Kids Environmental Posters Oil Spills

$5.99

Kids Environmental Posters Oil Spills

  • Poster Size: 11×17.
  • Composition: 110 lb. heavyweight card-stock.
  • Quality: Sharp resolution, detail, and colors.
  • White border trim space added for matting (if desired).
  • Good for 11×17, 13×19, and 16×20″ frames. Looks great matted!
  • Company Holographic “Seal of Authenticity” is affixed to ensure you receive an original.
SKU: 11X17OS-K Category:

Description

Kids Environmental Posters Oil Spills illustrates the after effects of toxic and illegal oil dumping. This colorful and educational poster is designed to help bring awareness to children to environmental issues. In order to help kids, grasp the message, we’ve illustrated the poster with cartoon images, humor, and basic vocabulary.

Basically, our goal is to teach children that there are important Earth, Ocean and Air issues that plague our planet and its ecosystems. We hope that our visuals will help promote new discussion among children and adults regarding the environment. Further, we hope these discussions will lead to addressing the problems endangering our planet. In the end, our children and grandchildren will inherit what we as parents, grandparents, teachers, and role models leave them. So, let’s clean up this planet. Then, they too can one day lead by example.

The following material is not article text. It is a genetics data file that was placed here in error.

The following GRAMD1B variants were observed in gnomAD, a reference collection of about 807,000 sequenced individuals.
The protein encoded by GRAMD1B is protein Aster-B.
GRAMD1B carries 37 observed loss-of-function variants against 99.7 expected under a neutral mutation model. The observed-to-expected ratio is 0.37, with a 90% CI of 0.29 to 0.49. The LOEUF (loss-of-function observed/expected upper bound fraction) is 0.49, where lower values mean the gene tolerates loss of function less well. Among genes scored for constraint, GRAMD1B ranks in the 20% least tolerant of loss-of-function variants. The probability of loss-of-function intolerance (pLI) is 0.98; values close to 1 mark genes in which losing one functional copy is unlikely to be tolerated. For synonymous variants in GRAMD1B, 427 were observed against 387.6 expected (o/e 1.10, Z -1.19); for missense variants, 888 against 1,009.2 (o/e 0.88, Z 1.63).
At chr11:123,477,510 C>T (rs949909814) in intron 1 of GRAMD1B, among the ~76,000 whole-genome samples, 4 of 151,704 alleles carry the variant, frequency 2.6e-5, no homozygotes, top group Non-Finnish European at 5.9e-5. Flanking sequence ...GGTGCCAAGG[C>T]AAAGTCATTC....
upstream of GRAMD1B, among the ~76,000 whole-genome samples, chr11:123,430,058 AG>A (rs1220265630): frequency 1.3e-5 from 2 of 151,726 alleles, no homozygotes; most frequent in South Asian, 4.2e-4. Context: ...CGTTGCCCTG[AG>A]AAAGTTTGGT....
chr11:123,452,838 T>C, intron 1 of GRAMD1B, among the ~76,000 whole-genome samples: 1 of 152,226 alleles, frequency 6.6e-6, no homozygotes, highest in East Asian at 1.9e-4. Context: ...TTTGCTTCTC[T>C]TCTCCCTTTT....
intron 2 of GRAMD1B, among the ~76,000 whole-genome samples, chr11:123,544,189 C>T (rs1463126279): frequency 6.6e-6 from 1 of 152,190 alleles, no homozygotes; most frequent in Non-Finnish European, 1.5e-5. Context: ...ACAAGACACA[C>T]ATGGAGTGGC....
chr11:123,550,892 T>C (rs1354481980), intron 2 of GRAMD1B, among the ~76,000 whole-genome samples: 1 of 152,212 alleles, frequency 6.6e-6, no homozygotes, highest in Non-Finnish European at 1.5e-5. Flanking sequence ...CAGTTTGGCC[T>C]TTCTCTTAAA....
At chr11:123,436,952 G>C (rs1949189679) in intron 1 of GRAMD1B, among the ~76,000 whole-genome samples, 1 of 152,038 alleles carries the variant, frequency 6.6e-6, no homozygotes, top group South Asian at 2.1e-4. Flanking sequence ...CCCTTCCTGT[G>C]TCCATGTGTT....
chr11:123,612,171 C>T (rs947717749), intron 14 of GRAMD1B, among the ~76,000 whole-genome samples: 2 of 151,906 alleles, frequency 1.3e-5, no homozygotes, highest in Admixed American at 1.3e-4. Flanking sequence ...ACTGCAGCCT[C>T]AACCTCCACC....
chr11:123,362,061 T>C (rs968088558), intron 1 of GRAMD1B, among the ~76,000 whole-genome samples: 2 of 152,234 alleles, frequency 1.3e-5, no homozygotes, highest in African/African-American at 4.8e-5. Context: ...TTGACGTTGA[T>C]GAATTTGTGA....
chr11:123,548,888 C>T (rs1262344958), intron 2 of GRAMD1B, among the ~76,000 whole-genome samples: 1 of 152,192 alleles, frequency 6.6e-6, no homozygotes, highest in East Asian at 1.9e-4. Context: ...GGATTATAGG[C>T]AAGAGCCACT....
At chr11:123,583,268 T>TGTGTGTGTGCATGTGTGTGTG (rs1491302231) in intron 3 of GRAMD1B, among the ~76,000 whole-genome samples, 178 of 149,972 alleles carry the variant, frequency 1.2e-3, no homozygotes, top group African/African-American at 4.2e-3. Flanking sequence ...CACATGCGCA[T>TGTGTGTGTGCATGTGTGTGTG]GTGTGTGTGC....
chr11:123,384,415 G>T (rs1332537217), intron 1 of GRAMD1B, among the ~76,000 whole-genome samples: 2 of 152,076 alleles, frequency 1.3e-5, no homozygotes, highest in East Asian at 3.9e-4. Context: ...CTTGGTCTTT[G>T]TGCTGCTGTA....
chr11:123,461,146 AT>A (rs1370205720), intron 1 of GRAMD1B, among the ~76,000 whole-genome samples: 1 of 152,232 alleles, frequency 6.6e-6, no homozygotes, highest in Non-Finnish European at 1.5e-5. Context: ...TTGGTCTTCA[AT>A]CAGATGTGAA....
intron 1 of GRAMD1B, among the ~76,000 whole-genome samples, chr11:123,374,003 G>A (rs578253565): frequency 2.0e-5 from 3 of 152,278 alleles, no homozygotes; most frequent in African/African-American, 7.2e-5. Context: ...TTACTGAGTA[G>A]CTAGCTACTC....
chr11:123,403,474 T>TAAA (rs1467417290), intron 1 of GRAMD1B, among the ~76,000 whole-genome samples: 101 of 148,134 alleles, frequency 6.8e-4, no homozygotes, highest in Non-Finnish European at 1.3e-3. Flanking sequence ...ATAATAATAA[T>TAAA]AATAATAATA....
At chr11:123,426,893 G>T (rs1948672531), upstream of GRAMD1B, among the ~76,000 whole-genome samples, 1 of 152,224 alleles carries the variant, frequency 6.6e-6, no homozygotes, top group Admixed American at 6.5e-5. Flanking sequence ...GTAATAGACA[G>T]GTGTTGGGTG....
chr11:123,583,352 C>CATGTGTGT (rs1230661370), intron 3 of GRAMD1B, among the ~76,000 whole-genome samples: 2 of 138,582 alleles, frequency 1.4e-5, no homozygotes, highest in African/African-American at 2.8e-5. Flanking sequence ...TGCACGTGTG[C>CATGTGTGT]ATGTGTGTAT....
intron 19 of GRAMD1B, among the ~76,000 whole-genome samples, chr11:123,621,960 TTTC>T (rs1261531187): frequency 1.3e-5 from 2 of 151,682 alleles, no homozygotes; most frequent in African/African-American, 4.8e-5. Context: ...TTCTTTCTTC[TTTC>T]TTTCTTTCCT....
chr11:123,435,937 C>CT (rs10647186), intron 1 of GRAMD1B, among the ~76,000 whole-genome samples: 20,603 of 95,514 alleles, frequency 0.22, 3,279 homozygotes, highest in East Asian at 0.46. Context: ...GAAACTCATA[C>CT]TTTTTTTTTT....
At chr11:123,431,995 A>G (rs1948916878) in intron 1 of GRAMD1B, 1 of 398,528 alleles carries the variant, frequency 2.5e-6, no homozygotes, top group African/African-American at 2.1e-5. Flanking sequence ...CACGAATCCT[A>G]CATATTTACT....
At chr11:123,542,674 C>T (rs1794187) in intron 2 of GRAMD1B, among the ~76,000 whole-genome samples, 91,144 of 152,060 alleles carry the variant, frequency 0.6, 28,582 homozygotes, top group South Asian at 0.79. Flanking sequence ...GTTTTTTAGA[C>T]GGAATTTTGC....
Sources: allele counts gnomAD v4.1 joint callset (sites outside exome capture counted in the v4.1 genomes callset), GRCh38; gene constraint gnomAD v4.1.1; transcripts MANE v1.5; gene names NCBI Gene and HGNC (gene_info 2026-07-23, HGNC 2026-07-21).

Kids Environmental Posters Oil Spills

Kids Environmental Posters Oil Spills

  • Poster Size: 11×17.
  • Composition: 110 lb. heavyweight card-stock.
  • Quality: Sharp resolution, detail, and colors.
  • Good for 11″ x 17″, 13″ x 19″ and 16″ x 20″ frames. Looks great matted!
  • Company Holographic “Seal of Authenticity” is affixed to ensure you receive an original.
Fact…

An oil spill is the release of a liquid petroleum hydrocarbon into the environment, especially marine areas, due to human activity, and is a form of pollution. The term is usually applied to marine oil spills, where oil is released into the ocean or coastal waters, but spills may also occur on land. References: Wikipedia, the free encyclopedia